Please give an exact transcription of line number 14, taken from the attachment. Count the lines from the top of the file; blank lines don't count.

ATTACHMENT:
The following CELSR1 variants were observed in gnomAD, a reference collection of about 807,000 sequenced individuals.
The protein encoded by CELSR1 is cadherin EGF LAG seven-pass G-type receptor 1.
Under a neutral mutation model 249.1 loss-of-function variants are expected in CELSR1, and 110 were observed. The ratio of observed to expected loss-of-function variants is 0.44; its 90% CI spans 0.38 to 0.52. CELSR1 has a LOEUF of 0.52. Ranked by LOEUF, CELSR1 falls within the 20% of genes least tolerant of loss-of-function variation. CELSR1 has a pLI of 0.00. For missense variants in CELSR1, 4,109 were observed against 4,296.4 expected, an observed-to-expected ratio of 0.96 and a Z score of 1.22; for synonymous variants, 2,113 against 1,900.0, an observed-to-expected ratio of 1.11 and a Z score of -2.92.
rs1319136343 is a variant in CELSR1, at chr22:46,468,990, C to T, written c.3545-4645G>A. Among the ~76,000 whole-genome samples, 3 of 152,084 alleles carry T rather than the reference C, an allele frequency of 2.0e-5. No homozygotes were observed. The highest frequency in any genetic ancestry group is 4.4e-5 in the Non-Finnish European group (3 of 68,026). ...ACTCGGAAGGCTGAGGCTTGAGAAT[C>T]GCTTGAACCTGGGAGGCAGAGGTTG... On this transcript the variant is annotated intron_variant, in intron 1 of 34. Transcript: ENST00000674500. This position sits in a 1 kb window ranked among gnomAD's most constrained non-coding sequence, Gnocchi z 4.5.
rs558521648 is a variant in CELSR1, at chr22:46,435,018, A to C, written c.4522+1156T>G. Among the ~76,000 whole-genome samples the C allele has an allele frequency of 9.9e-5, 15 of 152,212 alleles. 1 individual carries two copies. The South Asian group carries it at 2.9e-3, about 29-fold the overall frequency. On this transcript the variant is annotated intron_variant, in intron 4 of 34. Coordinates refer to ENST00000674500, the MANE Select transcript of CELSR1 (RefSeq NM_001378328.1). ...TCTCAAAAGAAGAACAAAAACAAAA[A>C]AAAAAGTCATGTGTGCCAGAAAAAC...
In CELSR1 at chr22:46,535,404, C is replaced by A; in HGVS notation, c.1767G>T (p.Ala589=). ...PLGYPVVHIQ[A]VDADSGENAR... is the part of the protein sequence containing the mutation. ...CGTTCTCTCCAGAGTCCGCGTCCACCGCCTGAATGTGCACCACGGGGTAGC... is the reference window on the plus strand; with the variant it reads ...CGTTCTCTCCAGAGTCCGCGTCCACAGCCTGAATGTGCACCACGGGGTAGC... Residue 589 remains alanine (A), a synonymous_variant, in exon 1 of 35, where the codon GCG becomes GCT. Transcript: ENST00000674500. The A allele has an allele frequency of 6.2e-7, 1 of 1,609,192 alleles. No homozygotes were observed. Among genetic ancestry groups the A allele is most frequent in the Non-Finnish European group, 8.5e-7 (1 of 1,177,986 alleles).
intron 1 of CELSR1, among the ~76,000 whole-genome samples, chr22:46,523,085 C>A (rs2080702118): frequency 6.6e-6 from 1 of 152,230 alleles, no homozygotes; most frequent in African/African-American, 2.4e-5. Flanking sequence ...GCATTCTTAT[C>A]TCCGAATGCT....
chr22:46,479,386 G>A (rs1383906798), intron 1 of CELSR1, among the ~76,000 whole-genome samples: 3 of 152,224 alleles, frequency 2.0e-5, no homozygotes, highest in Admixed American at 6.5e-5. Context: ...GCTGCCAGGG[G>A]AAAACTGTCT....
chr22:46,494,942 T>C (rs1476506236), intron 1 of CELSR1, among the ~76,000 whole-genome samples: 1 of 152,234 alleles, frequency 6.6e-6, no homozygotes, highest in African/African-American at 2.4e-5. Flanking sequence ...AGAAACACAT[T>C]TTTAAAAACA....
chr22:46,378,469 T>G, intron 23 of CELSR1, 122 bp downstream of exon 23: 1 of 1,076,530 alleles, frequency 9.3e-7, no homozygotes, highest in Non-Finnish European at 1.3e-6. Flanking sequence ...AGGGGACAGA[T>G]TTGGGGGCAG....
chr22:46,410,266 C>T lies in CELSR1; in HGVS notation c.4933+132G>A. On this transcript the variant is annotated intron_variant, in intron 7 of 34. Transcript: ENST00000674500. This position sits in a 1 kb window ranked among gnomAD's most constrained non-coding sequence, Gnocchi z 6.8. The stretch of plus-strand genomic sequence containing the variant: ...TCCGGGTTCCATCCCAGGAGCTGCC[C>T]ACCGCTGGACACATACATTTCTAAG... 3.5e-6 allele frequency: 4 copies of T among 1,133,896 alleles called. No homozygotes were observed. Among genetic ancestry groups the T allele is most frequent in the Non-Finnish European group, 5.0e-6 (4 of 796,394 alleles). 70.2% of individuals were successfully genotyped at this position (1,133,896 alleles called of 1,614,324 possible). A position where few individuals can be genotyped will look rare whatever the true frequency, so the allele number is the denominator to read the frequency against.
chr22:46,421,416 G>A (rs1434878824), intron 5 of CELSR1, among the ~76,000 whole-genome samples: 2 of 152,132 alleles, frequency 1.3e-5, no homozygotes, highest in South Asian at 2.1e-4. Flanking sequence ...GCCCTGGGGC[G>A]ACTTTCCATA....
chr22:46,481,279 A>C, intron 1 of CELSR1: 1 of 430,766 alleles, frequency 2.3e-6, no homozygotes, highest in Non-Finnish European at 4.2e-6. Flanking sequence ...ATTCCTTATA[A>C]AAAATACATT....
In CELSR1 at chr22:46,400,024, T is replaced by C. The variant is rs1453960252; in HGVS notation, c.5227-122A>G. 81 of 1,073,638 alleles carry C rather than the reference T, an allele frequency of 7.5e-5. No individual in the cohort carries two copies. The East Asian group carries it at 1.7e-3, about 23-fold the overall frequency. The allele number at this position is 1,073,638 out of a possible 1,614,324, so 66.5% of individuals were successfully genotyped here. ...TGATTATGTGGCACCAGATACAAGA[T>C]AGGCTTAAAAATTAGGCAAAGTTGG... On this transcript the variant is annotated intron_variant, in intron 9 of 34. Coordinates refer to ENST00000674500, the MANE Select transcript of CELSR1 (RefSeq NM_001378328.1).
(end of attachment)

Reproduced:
In CELSR1 at chr22:46,400,024, T is replaced by C. The variant is rs1453960252; in HGVS notation, c.5227-122A>G. 81 of 1,073,638 alleles carry C rather than the reference T, an allele frequency of 7.5e-5. No individual in the cohort carries two copies. The East Asian group carries it at 1.7e-3, about 23-fold the overall frequency. The allele number at this position is 1,073,638 out of a possible 1,614,324, so 66.5% of individuals were successfully genotyped here. ...TGATTATGTGGCACCAGATACAAGA[T>C]AGGCTTAAAAATTAGGCAAAGTTGG... On this transcript the variant is annotated intron_variant, in intron 9 of 34. Coordinates refer to ENST00000674500, the MANE Select transcript of CELSR1 (RefSeq NM_001378328.1).